Back to the Cave Again

In the Republic, Plato gives us his “allegory of the cave”. Prisoners who are chained to their spots underground see only images flickering on the wall. They have no other reality. They are shown shadows of puppets without dimensions, without substance. Our poor little creatures know nothing else of life.…

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Rediscovering a Zest for Life

This year, I set out to do at least one “microadventure” each month.  Something to break up the usual routine. Something that introduces a level of discomfort or risk and helps me see the world differently. It does not have to be big or grand, dangerous or far from home.…

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Seeking to Make Things Difficult

With every advance, every step forward, we also walk from something.  Technological innovations really have brought us so much that makes our lives measurably better in so many ways. But unless we remain vigilant and active, we also lose something; something essential about being human. When faced the earlier inconveniences…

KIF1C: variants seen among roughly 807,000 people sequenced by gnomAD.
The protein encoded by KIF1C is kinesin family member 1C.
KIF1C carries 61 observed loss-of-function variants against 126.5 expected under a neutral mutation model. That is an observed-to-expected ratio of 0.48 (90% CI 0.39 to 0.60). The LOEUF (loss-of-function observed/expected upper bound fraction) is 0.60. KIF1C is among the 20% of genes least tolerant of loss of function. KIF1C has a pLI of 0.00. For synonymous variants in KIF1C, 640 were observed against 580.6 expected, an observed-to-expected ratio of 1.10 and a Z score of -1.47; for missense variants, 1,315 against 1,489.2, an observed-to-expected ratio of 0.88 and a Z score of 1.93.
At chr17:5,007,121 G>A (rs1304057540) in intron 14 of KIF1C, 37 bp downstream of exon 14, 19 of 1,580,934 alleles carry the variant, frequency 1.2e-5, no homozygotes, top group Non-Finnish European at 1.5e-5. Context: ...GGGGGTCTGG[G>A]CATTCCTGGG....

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Enlightenment and Connection

Many of you know I host various philosophy and well-being discussions groups each month throughout the Raleigh-Durham area.  You can find us here. At our lunch meeting last week, we had a wide-ranging and robust discussion on enlightenment, presence, and the relationship between sacred experience and the connections between people.…

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Mercy

Are there virtues that we forget? Personally or as a culture? Ones that simply fade like the faces on ancient Roman coins? For Aurelius, Clementia – mildness, gentleness, mercy – was one of the noble virtues. A nine-year-old girl travels all night by train with one suitcase and an orange.…

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Be Ordinary

In his poem “Born Yesterday”, Phillip Larkin looks at a new born baby and wishes, not that she is beautiful or smart or talented, but that she is ordinary. There is great value in our just being. There is something essential about remaining attentive to those around us, whatever the…

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Presence and Immediacy

It all started with an encounter. After a morning of ‘religious enthusiasm’, Martin Buber was visited by a young man. Buber was friendly and attentive, but says he was not there fully in spirit. Later, the philosopher and theologian discovered that the young man had been wrestling with something. He…

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